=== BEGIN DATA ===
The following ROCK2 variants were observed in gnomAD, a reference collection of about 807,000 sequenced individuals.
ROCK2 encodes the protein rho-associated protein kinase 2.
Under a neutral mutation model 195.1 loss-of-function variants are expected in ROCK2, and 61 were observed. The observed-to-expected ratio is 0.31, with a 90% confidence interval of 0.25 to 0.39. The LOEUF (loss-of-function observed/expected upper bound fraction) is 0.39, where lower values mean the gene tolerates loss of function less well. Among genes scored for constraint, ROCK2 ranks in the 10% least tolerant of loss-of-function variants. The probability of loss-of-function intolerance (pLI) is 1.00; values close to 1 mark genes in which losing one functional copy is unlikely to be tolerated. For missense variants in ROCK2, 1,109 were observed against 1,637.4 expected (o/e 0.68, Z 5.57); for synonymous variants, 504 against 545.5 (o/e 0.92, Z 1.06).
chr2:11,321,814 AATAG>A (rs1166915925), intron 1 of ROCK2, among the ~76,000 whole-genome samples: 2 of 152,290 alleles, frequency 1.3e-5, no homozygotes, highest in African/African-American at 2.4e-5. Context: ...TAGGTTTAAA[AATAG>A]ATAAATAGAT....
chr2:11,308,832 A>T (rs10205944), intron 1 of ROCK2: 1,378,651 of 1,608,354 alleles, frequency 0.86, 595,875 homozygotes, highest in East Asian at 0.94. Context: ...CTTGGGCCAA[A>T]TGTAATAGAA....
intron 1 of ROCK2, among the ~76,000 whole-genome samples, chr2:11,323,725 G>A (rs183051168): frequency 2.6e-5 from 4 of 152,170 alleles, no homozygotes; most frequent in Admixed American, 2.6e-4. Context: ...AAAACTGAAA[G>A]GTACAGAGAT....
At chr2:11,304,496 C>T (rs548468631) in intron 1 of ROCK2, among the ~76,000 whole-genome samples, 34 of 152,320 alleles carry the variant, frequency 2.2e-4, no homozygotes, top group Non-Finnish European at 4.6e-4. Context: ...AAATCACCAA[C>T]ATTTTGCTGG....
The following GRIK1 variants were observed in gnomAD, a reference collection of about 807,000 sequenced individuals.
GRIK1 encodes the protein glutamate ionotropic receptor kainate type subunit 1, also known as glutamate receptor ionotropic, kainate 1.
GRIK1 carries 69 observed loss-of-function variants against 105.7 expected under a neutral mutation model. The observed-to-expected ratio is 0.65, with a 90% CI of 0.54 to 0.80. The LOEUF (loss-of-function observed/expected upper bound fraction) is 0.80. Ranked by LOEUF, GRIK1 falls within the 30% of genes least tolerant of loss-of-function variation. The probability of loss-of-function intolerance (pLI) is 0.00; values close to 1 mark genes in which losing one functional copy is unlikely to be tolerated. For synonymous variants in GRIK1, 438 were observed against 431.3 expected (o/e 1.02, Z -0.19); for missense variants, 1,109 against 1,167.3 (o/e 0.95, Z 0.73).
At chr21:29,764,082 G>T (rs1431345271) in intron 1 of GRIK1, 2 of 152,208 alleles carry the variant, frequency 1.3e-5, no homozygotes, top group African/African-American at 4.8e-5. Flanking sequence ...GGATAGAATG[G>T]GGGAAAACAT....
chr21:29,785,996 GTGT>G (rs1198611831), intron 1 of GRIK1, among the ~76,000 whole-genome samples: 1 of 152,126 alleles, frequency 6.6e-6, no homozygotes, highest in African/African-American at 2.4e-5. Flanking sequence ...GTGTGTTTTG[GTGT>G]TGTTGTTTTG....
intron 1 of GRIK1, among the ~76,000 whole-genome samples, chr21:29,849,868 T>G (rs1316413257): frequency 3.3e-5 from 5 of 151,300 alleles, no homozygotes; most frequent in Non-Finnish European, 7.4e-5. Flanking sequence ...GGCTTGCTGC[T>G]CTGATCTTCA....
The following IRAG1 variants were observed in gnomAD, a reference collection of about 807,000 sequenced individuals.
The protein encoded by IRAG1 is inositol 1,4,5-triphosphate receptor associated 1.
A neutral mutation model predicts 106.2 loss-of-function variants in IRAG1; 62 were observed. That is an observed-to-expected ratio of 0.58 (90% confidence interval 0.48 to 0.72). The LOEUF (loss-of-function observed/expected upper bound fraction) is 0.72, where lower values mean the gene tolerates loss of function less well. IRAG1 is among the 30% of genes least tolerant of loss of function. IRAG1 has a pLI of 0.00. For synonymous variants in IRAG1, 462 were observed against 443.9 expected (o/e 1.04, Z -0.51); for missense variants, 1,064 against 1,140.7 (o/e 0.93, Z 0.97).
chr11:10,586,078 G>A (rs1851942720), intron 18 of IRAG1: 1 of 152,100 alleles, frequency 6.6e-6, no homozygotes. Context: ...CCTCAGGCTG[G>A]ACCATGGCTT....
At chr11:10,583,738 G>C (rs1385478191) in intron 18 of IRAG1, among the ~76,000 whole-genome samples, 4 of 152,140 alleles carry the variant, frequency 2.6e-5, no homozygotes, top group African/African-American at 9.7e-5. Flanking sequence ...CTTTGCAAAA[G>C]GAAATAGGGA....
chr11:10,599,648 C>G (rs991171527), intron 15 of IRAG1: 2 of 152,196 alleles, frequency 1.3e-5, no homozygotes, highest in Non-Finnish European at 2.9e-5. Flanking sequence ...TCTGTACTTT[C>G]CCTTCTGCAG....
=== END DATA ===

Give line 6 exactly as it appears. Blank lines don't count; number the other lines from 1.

intron 1 of ROCK2, among the ~76,000 whole-genome samples, chr2:11,323,725 G>A (rs183051168): frequency 2.6e-5 from 4 of 152,170 alleles, no homozygotes; most frequent in Admixed American, 2.6e-4. Context: ...AAAACTGAAA[G>A]GTACAGAGAT....